An international drug sting operation resulted in more than 800 arrests and 32 tons of drugs seized, the FBI and other top law enforcement agencies announced Tuesday.
The sting, titled Operation Trojan Shield, dates back to 2019 when the FBI and Australian Federal Police covertly developed the encrypted device company ANOM to replace two platforms that had been taken down by police, according to European Union law enforcement agency Europol. In search of a new encrypted software to use for communications, criminal gangs flocked to ANOM, which grew rapidly servicing more than 12,000 devices and 300 criminal syndicates across 100 countries.
“Encrypted criminal communications platforms have traditionally been a tool to evade law enforcement and facilitate transnational organized crime,” FBI Criminal Investigative Division Assistant Director Calvin Shivers said in a statement. “The FBI and our international partners continue to push the envelope and develop innovative ways to overcome these challenges and bring criminals to justice.”
The global police agencies reviewed approximately 27 million messages sent on ANOM over an 18-month period. Using the intelligence garnered from the communications, they were able to track an intricate network of drug trafficking, money laundering and organized crime. (RELATED: ‘I Want To Shove The Drugs Right Up The Noses Of The Gringos’: Honduran President Accused By US Prosecutors Of Trafficking Drugs)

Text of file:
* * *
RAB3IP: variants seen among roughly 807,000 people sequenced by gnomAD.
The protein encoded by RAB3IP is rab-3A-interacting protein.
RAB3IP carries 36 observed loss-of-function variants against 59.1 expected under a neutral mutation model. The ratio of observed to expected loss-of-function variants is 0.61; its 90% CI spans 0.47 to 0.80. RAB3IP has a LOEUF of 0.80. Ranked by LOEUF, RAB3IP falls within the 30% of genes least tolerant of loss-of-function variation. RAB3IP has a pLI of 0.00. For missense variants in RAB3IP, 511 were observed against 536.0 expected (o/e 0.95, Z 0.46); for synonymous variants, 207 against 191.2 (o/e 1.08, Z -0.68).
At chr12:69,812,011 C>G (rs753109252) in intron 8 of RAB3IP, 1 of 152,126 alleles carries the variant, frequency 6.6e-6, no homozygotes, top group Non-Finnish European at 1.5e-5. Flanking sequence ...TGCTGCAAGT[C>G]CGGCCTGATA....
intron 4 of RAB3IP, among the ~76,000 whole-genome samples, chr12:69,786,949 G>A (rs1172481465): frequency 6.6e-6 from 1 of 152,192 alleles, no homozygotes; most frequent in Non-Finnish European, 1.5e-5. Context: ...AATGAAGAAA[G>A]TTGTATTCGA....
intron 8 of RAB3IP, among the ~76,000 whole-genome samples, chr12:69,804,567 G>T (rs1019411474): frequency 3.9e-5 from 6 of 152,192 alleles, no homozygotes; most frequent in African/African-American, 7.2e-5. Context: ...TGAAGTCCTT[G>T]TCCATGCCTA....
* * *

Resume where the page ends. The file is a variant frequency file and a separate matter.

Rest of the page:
Trojan Shield also enabled nations to prevent murders, Shivers told reporters at a press conference in Europe on Tuesday, The Associated Press reported. In addition to conversing about drug shipments and money laundering, suspects discussed hits using the ANOM software.
In the past week, law enforcement has conducted more than 700 house searches, seized tons of cocaine, cannabis and methamphetamine, confiscated 250 firearms and 55 luxury vehicles, and has recovered $48 million in global currencies and cryptocurrency in connection with Trojan Shield, Europol said.
Europol Deputy Executive Director Jean-Philippe Lecouffe said the operation was an “exceptional success” by U.S., Swedish, Dutch, Australian and European law enforcement.
“Europol coordinated the international law enforcement community, enriched the information picture and brought criminal intelligence into ongoing operations to target organized crime and drug trafficking organizations, wherever they are and however they choose to communicate,” he said in a statement Tuesday.
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